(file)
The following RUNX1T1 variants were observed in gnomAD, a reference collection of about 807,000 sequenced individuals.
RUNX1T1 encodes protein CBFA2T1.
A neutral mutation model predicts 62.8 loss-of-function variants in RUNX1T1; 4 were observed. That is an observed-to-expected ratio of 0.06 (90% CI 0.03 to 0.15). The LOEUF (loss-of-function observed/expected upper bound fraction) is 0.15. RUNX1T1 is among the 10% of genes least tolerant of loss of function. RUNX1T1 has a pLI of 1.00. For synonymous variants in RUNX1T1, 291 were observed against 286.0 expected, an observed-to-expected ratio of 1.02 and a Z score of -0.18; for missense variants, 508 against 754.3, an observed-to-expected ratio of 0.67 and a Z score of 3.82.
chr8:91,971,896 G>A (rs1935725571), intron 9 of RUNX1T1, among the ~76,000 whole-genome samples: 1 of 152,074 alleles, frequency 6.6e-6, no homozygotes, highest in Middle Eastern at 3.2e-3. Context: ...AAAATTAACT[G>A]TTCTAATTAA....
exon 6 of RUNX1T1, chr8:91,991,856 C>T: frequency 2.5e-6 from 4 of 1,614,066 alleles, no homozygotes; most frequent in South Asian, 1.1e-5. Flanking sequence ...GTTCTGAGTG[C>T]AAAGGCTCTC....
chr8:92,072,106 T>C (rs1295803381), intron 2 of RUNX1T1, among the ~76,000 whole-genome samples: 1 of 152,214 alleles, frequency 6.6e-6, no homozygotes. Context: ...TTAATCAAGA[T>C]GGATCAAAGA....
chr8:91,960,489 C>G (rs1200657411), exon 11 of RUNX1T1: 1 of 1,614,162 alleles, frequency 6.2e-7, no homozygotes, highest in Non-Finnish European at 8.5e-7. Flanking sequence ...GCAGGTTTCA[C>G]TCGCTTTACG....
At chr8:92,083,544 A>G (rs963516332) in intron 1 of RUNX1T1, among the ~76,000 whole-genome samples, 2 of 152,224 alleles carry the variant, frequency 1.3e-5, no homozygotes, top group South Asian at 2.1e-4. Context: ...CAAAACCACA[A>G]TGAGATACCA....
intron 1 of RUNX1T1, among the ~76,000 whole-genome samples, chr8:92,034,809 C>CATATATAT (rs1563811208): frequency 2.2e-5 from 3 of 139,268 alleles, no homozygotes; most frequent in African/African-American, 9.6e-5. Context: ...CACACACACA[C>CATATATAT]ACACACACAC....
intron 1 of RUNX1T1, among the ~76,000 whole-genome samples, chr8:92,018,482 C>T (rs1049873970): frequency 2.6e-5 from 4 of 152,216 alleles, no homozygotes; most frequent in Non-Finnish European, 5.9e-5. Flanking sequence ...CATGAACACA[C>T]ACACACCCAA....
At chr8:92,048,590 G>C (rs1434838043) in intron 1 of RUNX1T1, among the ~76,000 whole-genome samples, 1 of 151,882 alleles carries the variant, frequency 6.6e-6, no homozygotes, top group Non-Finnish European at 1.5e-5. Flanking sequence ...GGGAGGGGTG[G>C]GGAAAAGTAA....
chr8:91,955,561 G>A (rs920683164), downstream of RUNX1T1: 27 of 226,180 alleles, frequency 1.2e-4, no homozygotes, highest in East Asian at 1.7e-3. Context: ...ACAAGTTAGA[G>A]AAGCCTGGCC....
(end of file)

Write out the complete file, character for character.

The following RUNX1T1 variants were observed in gnomAD, a reference collection of about 807,000 sequenced individuals.
RUNX1T1 encodes protein CBFA2T1.
A neutral mutation model predicts 62.8 loss-of-function variants in RUNX1T1; 4 were observed. That is an observed-to-expected ratio of 0.06 (90% CI 0.03 to 0.15). The LOEUF (loss-of-function observed/expected upper bound fraction) is 0.15. RUNX1T1 is among the 10% of genes least tolerant of loss of function. RUNX1T1 has a pLI of 1.00. For synonymous variants in RUNX1T1, 291 were observed against 286.0 expected, an observed-to-expected ratio of 1.02 and a Z score of -0.18; for missense variants, 508 against 754.3, an observed-to-expected ratio of 0.67 and a Z score of 3.82.
chr8:91,971,896 G>A (rs1935725571), intron 9 of RUNX1T1, among the ~76,000 whole-genome samples: 1 of 152,074 alleles, frequency 6.6e-6, no homozygotes, highest in Middle Eastern at 3.2e-3. Context: ...AAAATTAACT[G>A]TTCTAATTAA....
exon 6 of RUNX1T1, chr8:91,991,856 C>T: frequency 2.5e-6 from 4 of 1,614,066 alleles, no homozygotes; most frequent in South Asian, 1.1e-5. Flanking sequence ...GTTCTGAGTG[C>T]AAAGGCTCTC....
chr8:92,072,106 T>C (rs1295803381), intron 2 of RUNX1T1, among the ~76,000 whole-genome samples: 1 of 152,214 alleles, frequency 6.6e-6, no homozygotes. Context: ...TTAATCAAGA[T>C]GGATCAAAGA....
chr8:91,960,489 C>G (rs1200657411), exon 11 of RUNX1T1: 1 of 1,614,162 alleles, frequency 6.2e-7, no homozygotes, highest in Non-Finnish European at 8.5e-7. Flanking sequence ...GCAGGTTTCA[C>G]TCGCTTTACG....
At chr8:92,083,544 A>G (rs963516332) in intron 1 of RUNX1T1, among the ~76,000 whole-genome samples, 2 of 152,224 alleles carry the variant, frequency 1.3e-5, no homozygotes, top group South Asian at 2.1e-4. Context: ...CAAAACCACA[A>G]TGAGATACCA....
intron 1 of RUNX1T1, among the ~76,000 whole-genome samples, chr8:92,034,809 C>CATATATAT (rs1563811208): frequency 2.2e-5 from 3 of 139,268 alleles, no homozygotes; most frequent in African/African-American, 9.6e-5. Context: ...CACACACACA[C>CATATATAT]ACACACACAC....
intron 1 of RUNX1T1, among the ~76,000 whole-genome samples, chr8:92,018,482 C>T (rs1049873970): frequency 2.6e-5 from 4 of 152,216 alleles, no homozygotes; most frequent in Non-Finnish European, 5.9e-5. Flanking sequence ...CATGAACACA[C>T]ACACACCCAA....
At chr8:92,048,590 G>C (rs1434838043) in intron 1 of RUNX1T1, among the ~76,000 whole-genome samples, 1 of 151,882 alleles carries the variant, frequency 6.6e-6, no homozygotes, top group Non-Finnish European at 1.5e-5. Flanking sequence ...GGGAGGGGTG[G>C]GGAAAAGTAA....
chr8:91,955,561 G>A (rs920683164), downstream of RUNX1T1: 27 of 226,180 alleles, frequency 1.2e-4, no homozygotes, highest in East Asian at 1.7e-3. Context: ...ACAAGTTAGA[G>A]AAGCCTGGCC....